Keeping Busy

All my life I’ve been full of energy. I like it. It feels good, a lot of the time. I get so much done. But I also get burnt out or carried away, lost to myself. Recently, working on publicity for my memoir, The River of Forgetting, I’ve had to notice the flow of that energy and learn to regulate it. There is no one else commanding me to do this; it’s all my own demand. Sometimes it feels like pressure and sometimes it’s delight, but it’s all too easy to keep working and churning forward without stopping.

Inside me there is an Eager young girl who got a lot of praise from her father for being interested in everything and ready to take on anything, dare anything. There’s also a Good Girl who was willing to work so incredibly hard to please other people and live up to every expectation of her parents. Those two girls kind of gang up inside me to push me forward and keep working, even when my neck is aching from sitting and typing, even when my mind is reeling. “Keep working! You can do one more thing!” My mother was like that, too, always one more thing to do.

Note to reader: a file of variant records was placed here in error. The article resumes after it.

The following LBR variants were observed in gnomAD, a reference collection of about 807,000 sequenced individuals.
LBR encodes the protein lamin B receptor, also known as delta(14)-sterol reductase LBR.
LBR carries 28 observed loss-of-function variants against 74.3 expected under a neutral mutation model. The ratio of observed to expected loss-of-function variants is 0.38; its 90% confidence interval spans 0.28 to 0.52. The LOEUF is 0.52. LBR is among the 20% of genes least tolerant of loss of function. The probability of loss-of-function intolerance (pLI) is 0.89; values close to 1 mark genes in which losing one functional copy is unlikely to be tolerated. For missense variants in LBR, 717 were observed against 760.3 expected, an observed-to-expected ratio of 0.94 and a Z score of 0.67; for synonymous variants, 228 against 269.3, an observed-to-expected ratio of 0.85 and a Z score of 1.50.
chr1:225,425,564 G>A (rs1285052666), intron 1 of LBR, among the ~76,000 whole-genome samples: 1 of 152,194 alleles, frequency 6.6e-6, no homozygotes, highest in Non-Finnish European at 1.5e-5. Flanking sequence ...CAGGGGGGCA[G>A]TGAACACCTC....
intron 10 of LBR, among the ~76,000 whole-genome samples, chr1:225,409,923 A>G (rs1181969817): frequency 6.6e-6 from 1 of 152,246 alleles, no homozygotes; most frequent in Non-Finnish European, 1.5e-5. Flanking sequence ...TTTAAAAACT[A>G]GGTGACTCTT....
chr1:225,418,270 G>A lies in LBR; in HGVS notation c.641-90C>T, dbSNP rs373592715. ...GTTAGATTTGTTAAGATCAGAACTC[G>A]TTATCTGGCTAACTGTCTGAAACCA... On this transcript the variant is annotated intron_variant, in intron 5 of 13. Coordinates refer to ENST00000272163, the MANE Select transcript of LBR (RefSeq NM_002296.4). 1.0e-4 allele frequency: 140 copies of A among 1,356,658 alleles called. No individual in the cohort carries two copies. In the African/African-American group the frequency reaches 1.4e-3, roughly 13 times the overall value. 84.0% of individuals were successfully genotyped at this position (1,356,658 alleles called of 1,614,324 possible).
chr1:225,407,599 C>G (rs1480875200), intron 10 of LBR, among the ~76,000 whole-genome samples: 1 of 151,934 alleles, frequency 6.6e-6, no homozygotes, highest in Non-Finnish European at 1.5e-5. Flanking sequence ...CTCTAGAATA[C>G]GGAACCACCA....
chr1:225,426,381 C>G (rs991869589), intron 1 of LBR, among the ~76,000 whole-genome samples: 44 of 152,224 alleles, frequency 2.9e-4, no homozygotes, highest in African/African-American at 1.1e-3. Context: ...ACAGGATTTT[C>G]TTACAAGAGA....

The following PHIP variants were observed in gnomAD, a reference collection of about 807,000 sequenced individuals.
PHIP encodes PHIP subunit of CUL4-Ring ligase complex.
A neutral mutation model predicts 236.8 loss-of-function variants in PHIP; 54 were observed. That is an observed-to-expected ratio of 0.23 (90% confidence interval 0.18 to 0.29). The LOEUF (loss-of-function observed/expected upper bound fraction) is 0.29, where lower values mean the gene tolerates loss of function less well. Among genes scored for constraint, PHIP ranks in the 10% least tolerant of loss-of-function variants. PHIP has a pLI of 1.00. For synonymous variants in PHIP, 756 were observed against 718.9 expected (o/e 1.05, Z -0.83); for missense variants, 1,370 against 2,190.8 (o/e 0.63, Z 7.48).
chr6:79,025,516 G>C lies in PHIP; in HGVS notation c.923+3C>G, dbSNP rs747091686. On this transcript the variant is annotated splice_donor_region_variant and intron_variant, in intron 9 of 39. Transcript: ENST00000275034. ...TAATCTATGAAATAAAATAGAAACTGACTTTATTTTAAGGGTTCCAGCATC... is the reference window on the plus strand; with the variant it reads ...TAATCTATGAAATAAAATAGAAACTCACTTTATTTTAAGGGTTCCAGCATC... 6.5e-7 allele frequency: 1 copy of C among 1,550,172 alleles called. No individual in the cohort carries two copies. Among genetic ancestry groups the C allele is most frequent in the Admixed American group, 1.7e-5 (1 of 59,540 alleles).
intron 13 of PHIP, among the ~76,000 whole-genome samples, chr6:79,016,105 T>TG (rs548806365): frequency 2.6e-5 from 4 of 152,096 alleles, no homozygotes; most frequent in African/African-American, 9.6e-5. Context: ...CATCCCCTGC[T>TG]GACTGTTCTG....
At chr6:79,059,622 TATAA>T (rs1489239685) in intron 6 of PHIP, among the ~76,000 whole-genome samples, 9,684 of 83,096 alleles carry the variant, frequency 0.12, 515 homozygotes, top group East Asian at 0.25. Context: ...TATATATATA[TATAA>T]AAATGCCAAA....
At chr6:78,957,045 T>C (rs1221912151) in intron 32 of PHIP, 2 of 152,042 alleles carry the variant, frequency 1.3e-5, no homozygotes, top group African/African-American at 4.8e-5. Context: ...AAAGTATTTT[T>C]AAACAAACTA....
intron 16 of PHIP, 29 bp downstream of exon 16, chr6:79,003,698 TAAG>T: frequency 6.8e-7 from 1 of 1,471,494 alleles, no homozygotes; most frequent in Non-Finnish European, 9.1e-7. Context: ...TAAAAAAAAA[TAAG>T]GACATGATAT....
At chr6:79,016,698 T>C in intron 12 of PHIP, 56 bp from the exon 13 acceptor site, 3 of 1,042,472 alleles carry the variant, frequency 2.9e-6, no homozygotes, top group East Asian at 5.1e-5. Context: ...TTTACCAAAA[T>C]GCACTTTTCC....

“Self-medication by work,” a friend of mine recently called this busyness. It feels good to be busy. When I’m on a roll, it blots out everything else. And I am learning, slowly, to keep this addiction under control. I do enjoy the high-energy times, and I also tell Good Girl and Eager Girl inside me, “I love you, you’re wonderful and bright and dear. And you need to stop. Take a walk, have a cup of tea. Just stop working for now.”

Loving the Inner Children sometimes means setting limits and acting like a good Inner Adult. Just now I made myself do 15 minutes of yoga to relax before coming back to finish up this post. The Kids liked it, even though they rebelled at first.

2 comments:

Marcia said...

Oh yes, the busyness and constant "doing" spurred by pressure from within and without, can lead to neglecting self-care. Suddenly my blood sugar sinks and I realize that I haven't nourished my body with food for 8 hours, have not left my computer long enough to go outside and breathe, let alone walk my dog. She's 12, and won't always be here to walk with me in the years to come. Finding balance is a daily struggle; now, more than ever due to social networking's invasive power over our precious time. Thank you for this blog Jane.

Jane Rowan said...

Marcia, hello. Same Marcia I know from Twitter? - Indeed, I have not found how to tweet and feel un-busy. Social networking feels like an addiction, a rush in both senses of the word. Let's help one another stay centered in the body and the real world, while engaging in the virtual one.